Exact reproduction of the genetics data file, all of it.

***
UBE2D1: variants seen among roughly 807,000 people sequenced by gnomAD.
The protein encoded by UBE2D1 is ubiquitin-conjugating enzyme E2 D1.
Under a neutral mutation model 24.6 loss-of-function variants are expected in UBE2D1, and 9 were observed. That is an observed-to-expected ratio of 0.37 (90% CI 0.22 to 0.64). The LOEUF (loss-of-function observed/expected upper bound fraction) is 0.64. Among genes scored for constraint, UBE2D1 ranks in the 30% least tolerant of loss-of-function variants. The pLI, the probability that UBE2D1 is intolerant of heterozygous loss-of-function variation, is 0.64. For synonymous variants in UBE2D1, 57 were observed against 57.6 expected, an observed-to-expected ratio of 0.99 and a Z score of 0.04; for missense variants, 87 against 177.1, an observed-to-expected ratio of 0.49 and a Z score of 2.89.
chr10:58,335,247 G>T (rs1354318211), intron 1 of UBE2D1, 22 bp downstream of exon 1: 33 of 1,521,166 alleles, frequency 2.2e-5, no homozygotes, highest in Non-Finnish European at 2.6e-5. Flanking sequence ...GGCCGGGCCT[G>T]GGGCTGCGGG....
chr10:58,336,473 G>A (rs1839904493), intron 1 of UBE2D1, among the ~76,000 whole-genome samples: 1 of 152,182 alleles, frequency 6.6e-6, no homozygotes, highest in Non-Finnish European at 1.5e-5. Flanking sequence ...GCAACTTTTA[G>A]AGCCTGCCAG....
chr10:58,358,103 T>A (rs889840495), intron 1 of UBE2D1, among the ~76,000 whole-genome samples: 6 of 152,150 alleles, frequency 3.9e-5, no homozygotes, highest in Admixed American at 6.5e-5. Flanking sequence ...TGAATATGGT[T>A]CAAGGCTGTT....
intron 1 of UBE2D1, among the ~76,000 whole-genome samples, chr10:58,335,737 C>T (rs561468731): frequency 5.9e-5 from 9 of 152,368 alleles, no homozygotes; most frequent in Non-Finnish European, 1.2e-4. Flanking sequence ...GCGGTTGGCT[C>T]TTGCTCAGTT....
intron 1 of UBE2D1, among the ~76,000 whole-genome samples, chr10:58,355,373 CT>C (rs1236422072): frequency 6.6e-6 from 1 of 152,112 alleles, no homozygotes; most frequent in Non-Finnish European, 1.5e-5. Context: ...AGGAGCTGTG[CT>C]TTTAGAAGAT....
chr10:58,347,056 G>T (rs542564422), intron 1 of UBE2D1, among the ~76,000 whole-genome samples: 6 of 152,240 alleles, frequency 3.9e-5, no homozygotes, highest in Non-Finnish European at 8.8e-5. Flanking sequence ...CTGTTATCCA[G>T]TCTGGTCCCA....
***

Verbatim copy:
UBE2D1: variants seen among roughly 807,000 people sequenced by gnomAD.
The protein encoded by UBE2D1 is ubiquitin-conjugating enzyme E2 D1.
Under a neutral mutation model 24.6 loss-of-function variants are expected in UBE2D1, and 9 were observed. That is an observed-to-expected ratio of 0.37 (90% CI 0.22 to 0.64). The LOEUF (loss-of-function observed/expected upper bound fraction) is 0.64. Among genes scored for constraint, UBE2D1 ranks in the 30% least tolerant of loss-of-function variants. The pLI, the probability that UBE2D1 is intolerant of heterozygous loss-of-function variation, is 0.64. For synonymous variants in UBE2D1, 57 were observed against 57.6 expected, an observed-to-expected ratio of 0.99 and a Z score of 0.04; for missense variants, 87 against 177.1, an observed-to-expected ratio of 0.49 and a Z score of 2.89.
chr10:58,335,247 G>T (rs1354318211), intron 1 of UBE2D1, 22 bp downstream of exon 1: 33 of 1,521,166 alleles, frequency 2.2e-5, no homozygotes, highest in Non-Finnish European at 2.6e-5. Flanking sequence ...GGCCGGGCCT[G>T]GGGCTGCGGG....
chr10:58,336,473 G>A (rs1839904493), intron 1 of UBE2D1, among the ~76,000 whole-genome samples: 1 of 152,182 alleles, frequency 6.6e-6, no homozygotes, highest in Non-Finnish European at 1.5e-5. Flanking sequence ...GCAACTTTTA[G>A]AGCCTGCCAG....
chr10:58,358,103 T>A (rs889840495), intron 1 of UBE2D1, among the ~76,000 whole-genome samples: 6 of 152,150 alleles, frequency 3.9e-5, no homozygotes, highest in Admixed American at 6.5e-5. Flanking sequence ...TGAATATGGT[T>A]CAAGGCTGTT....
intron 1 of UBE2D1, among the ~76,000 whole-genome samples, chr10:58,335,737 C>T (rs561468731): frequency 5.9e-5 from 9 of 152,368 alleles, no homozygotes; most frequent in Non-Finnish European, 1.2e-4. Flanking sequence ...GCGGTTGGCT[C>T]TTGCTCAGTT....
intron 1 of UBE2D1, among the ~76,000 whole-genome samples, chr10:58,355,373 CT>C (rs1236422072): frequency 6.6e-6 from 1 of 152,112 alleles, no homozygotes; most frequent in Non-Finnish European, 1.5e-5. Context: ...AGGAGCTGTG[CT>C]TTTAGAAGAT....
chr10:58,347,056 G>T (rs542564422), intron 1 of UBE2D1, among the ~76,000 whole-genome samples: 6 of 152,240 alleles, frequency 3.9e-5, no homozygotes, highest in Non-Finnish European at 8.8e-5. Flanking sequence ...CTGTTATCCA[G>T]TCTGGTCCCA....